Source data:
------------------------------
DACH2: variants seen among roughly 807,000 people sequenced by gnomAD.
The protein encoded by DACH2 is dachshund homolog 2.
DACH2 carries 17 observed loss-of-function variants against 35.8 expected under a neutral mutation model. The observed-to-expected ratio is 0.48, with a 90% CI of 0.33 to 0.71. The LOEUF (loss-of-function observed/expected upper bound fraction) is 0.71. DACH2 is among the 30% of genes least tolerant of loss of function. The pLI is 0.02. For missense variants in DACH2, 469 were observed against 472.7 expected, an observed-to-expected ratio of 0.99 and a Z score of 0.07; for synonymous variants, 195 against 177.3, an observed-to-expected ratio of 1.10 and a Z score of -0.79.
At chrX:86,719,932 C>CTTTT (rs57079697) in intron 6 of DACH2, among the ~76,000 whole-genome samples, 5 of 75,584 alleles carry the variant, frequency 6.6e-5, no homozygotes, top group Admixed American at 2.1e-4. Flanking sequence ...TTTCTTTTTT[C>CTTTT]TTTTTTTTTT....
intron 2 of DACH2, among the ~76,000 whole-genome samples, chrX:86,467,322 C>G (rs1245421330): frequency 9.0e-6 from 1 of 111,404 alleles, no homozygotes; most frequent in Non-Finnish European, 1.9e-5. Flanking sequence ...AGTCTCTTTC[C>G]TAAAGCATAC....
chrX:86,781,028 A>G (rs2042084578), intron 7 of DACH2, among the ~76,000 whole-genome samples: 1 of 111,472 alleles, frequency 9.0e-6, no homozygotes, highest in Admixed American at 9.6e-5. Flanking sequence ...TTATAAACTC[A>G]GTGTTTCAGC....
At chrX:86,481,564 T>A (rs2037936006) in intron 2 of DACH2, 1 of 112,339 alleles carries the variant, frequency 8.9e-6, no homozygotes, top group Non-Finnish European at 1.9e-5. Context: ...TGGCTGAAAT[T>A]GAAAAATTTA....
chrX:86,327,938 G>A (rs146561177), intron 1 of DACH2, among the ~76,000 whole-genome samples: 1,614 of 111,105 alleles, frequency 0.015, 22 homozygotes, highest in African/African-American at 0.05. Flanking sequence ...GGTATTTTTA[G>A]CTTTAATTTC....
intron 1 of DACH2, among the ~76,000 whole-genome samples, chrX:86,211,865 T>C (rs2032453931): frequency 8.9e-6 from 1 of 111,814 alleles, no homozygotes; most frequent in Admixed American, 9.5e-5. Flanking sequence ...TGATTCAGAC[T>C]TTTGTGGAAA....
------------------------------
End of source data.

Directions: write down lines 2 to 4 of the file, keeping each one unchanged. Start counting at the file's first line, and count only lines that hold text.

The protein encoded by DACH2 is dachshund homolog 2.
DACH2 carries 17 observed loss-of-function variants against 35.8 expected under a neutral mutation model. The observed-to-expected ratio is 0.48, with a 90% CI of 0.33 to 0.71. The LOEUF (loss-of-function observed/expected upper bound fraction) is 0.71. DACH2 is among the 30% of genes least tolerant of loss of function. The pLI is 0.02. For missense variants in DACH2, 469 were observed against 472.7 expected, an observed-to-expected ratio of 0.99 and a Z score of 0.07; for synonymous variants, 195 against 177.3, an observed-to-expected ratio of 1.10 and a Z score of -0.79.
At chrX:86,719,932 C>CTTTT (rs57079697) in intron 6 of DACH2, among the ~76,000 whole-genome samples, 5 of 75,584 alleles carry the variant, frequency 6.6e-5, no homozygotes, top group Admixed American at 2.1e-4. Flanking sequence ...TTTCTTTTTT[C>CTTTT]TTTTTTTTTT....